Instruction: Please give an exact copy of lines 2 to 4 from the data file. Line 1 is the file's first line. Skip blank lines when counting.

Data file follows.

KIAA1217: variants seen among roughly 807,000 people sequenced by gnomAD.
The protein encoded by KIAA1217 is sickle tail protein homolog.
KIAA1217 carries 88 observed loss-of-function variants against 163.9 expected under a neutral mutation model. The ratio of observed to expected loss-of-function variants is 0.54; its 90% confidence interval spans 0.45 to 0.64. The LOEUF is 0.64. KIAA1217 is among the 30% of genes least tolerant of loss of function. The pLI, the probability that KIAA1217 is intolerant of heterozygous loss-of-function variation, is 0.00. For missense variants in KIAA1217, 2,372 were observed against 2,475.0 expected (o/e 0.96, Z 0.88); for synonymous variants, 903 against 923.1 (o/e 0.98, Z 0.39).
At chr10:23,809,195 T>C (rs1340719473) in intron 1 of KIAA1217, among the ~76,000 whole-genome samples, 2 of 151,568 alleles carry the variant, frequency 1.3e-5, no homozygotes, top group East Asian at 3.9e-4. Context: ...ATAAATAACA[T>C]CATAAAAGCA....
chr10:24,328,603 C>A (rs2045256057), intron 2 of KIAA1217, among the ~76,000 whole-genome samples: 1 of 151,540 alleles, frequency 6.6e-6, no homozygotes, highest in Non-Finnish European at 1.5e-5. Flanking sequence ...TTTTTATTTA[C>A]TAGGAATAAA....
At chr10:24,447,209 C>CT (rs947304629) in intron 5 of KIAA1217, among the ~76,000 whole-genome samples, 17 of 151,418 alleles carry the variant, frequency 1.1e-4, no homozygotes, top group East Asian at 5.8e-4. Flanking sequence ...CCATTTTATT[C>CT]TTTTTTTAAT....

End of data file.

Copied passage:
The protein encoded by KIAA1217 is sickle tail protein homolog.
KIAA1217 carries 88 observed loss-of-function variants against 163.9 expected under a neutral mutation model. The ratio of observed to expected loss-of-function variants is 0.54; its 90% confidence interval spans 0.45 to 0.64. The LOEUF is 0.64. KIAA1217 is among the 30% of genes least tolerant of loss of function. The pLI, the probability that KIAA1217 is intolerant of heterozygous loss-of-function variation, is 0.00. For missense variants in KIAA1217, 2,372 were observed against 2,475.0 expected (o/e 0.96, Z 0.88); for synonymous variants, 903 against 923.1 (o/e 0.98, Z 0.39).
At chr10:23,809,195 T>C (rs1340719473) in intron 1 of KIAA1217, among the ~76,000 whole-genome samples, 2 of 151,568 alleles carry the variant, frequency 1.3e-5, no homozygotes, top group East Asian at 3.9e-4. Context: ...ATAAATAACA[T>C]CATAAAAGCA....